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Here and Everywhere

Today we have an interview with Gary Groth about Zap conducted by yours truly.

Dan Nadel: Tell me a bit how you see the importance of Zap as a publishing model (as the launch of the underground comic book business, (such as it was), and then as an ongoing publishing entity through various houses.

Gary Groth: It wasn’t just Zap as a model, but the entire underground comix publishing ethos, of whichZap was probably the most prominent example. For the first time in the history of comics, there was a community, a movement, a collective —however you want to characterize it— of artists who took it for granted that they would own their own work, function as autonomous creative artists, and wrote and drew comix as a form of personal expression. And there were publishers who sprung up who instinctively honored this principle (Last Gasp, Rip-Off, Print Mint).

I see Zap as part of the lineage of historically important and aesthetically ground breaking comics anthologies, the first in this lineage, of course, being Mad, which influenced all the Zap artists; next,Humbug, then witzend, then Zap. (Mid-way through Zap’s run, there was Weirdo and Raw, of course.) Each one of these comics anthologies were created by the artists themselves in opposition to the prevailing economic and creative standards of the comics industry; each one of them was created in order to give artists greater freedom to create the work they wanted to create, without the editorial restrictions placed on them by commercial dictates;  and the publishing rights and original art featured in each of them (with the exception of Mad, which was at least published by the most enlightened publisher in the history of comics to that time), was owned by the artists —collectively, they represent the long fight for cartoonists to take control of their own destinies. They are the Humbug co-op (composed of Harvey Kurtzman, Arnold Roth, Al Jaffee, Jack Davis, and Will Elder) wanted the freedom to edit, write, and draw a humor magazine suitable for grown-ups; Wally Wood hated mainstream publishers, may have hated editors even more, and created witzend as a place where mainstream cartoonists (and a few young underground artists like Art Spiegelman) could do whatever they wanted, free of the suffocating editorial demands imposed on them by mainstream comics editors; and Zap, of course, created by Crumb, became a collective where the artists could do whatever they wanted. As a model of artists taking their “careers” into their own hands, it can’t be beat.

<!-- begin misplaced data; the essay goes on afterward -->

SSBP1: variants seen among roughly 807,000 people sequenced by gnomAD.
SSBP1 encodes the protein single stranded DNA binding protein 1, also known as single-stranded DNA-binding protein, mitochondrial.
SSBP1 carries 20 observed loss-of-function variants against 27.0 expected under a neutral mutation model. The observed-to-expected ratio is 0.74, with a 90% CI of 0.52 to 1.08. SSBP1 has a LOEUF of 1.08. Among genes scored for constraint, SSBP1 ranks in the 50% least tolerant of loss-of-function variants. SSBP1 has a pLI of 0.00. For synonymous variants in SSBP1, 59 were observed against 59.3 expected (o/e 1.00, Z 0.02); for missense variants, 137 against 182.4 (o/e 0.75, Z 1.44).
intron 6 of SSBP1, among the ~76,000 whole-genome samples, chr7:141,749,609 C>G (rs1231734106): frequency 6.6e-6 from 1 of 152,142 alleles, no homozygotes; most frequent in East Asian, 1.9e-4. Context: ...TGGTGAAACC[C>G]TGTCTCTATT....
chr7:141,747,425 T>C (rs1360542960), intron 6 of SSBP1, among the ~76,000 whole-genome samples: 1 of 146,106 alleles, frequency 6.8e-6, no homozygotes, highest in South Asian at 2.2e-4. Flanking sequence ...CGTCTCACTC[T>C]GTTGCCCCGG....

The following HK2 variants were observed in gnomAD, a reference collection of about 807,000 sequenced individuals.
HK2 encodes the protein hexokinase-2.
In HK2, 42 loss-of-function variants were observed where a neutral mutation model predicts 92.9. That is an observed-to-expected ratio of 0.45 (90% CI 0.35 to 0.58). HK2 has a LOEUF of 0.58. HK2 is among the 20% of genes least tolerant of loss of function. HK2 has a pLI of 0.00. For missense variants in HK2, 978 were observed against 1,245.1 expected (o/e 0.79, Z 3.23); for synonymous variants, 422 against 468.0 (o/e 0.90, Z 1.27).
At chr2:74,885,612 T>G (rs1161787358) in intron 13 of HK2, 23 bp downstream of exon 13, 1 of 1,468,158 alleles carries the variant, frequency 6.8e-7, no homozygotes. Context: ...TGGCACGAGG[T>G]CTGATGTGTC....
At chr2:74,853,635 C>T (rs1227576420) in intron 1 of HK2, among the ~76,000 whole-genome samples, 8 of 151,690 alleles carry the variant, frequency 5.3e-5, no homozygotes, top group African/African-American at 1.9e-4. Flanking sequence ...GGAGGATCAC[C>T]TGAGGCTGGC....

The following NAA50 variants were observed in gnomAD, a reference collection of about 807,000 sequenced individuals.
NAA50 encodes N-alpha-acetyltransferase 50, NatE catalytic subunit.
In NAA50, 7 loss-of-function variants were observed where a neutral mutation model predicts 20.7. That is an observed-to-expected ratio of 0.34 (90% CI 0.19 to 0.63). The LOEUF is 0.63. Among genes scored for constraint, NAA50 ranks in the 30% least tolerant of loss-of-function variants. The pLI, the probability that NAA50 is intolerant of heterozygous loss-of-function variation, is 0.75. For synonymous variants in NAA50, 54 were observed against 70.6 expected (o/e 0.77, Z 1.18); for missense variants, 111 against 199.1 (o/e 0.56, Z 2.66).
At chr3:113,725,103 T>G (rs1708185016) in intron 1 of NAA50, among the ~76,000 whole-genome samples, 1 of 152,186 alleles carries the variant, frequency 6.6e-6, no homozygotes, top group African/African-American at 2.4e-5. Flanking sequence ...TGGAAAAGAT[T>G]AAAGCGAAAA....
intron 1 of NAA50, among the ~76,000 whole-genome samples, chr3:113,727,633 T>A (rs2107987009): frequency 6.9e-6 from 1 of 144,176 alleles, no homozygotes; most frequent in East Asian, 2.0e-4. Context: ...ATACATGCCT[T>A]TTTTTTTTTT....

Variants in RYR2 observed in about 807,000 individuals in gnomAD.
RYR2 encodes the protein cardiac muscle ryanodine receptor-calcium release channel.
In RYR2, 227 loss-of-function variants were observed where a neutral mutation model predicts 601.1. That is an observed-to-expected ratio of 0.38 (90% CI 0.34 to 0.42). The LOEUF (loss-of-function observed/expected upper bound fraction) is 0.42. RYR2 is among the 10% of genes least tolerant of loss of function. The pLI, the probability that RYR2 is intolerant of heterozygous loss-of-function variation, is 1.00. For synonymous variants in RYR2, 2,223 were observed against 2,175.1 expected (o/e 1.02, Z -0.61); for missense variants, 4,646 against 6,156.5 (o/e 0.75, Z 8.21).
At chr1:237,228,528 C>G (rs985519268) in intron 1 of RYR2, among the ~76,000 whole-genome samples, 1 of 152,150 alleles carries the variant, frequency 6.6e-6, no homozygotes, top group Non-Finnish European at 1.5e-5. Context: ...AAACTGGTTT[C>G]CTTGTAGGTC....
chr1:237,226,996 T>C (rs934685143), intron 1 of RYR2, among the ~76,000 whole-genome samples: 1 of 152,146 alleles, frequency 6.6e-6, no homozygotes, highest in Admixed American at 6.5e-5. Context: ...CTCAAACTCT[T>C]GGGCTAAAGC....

And Simon Hanselmann is here with Day 3 of his diary, in which he returns to the office. I want to go to the office!

Also, Luke Geddes reviews Sex books 1 and 2.

Elsewhere:

Brumsic Brandon Jr., the creator of the comic strip "Luther", one of the first and few comics strips to focus on an African American cast, has passed away.

Lots of interviews: Here's Bill Kartalopolous on Inkstuds.

And Alex Dueben interviews Bobby London about his new Popeye book, as well as Hillary Chute and Patrick Jagoda about their issue of Critical Inquiry.

I'm excited about this Sadistik book, which I only just heard about. That's an under-published area of comics, even in this reprint-glut age.

And in self-promotion news: Hey, read some more about my new book, Dorothy and Otis: Designing the American Dream! There is a comics connection, even: Otis Shepard apprenticed with Bud Fisher in San Francisco. So there you have it.


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